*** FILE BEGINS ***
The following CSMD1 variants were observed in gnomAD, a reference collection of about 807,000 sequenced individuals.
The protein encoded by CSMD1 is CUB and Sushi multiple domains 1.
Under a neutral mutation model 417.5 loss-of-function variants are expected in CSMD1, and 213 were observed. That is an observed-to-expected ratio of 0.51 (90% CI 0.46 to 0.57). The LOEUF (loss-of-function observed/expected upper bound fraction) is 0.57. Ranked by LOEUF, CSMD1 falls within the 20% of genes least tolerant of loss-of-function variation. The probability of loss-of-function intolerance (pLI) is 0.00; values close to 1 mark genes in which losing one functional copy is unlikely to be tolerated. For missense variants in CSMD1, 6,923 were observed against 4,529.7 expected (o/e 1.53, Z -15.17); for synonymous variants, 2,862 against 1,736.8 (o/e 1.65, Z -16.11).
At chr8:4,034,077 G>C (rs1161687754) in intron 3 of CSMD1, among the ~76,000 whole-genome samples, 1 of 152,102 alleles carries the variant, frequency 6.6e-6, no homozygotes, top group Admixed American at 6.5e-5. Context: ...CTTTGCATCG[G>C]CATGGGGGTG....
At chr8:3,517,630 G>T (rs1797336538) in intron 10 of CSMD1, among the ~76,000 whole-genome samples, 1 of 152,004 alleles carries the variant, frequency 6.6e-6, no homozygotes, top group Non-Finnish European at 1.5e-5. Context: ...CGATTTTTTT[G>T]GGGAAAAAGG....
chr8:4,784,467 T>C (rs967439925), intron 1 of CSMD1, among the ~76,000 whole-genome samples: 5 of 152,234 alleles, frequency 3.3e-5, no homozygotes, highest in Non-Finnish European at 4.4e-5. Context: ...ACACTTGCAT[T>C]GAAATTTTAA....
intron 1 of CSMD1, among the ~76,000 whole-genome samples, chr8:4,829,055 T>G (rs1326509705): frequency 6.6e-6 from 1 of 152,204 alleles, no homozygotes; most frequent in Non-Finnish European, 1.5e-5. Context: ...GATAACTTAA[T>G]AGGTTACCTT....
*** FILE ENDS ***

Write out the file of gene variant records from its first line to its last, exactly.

The following CSMD1 variants were observed in gnomAD, a reference collection of about 807,000 sequenced individuals.
The protein encoded by CSMD1 is CUB and Sushi multiple domains 1.
Under a neutral mutation model 417.5 loss-of-function variants are expected in CSMD1, and 213 were observed. That is an observed-to-expected ratio of 0.51 (90% CI 0.46 to 0.57). The LOEUF (loss-of-function observed/expected upper bound fraction) is 0.57. Ranked by LOEUF, CSMD1 falls within the 20% of genes least tolerant of loss-of-function variation. The probability of loss-of-function intolerance (pLI) is 0.00; values close to 1 mark genes in which losing one functional copy is unlikely to be tolerated. For missense variants in CSMD1, 6,923 were observed against 4,529.7 expected (o/e 1.53, Z -15.17); for synonymous variants, 2,862 against 1,736.8 (o/e 1.65, Z -16.11).
At chr8:4,034,077 G>C (rs1161687754) in intron 3 of CSMD1, among the ~76,000 whole-genome samples, 1 of 152,102 alleles carries the variant, frequency 6.6e-6, no homozygotes, top group Admixed American at 6.5e-5. Context: ...CTTTGCATCG[G>C]CATGGGGGTG....
At chr8:3,517,630 G>T (rs1797336538) in intron 10 of CSMD1, among the ~76,000 whole-genome samples, 1 of 152,004 alleles carries the variant, frequency 6.6e-6, no homozygotes, top group Non-Finnish European at 1.5e-5. Context: ...CGATTTTTTT[G>T]GGGAAAAAGG....
chr8:4,784,467 T>C (rs967439925), intron 1 of CSMD1, among the ~76,000 whole-genome samples: 5 of 152,234 alleles, frequency 3.3e-5, no homozygotes, highest in Non-Finnish European at 4.4e-5. Context: ...ACACTTGCAT[T>C]GAAATTTTAA....
intron 1 of CSMD1, among the ~76,000 whole-genome samples, chr8:4,829,055 T>G (rs1326509705): frequency 6.6e-6 from 1 of 152,204 alleles, no homozygotes; most frequent in Non-Finnish European, 1.5e-5. Context: ...GATAACTTAA[T>G]AGGTTACCTT....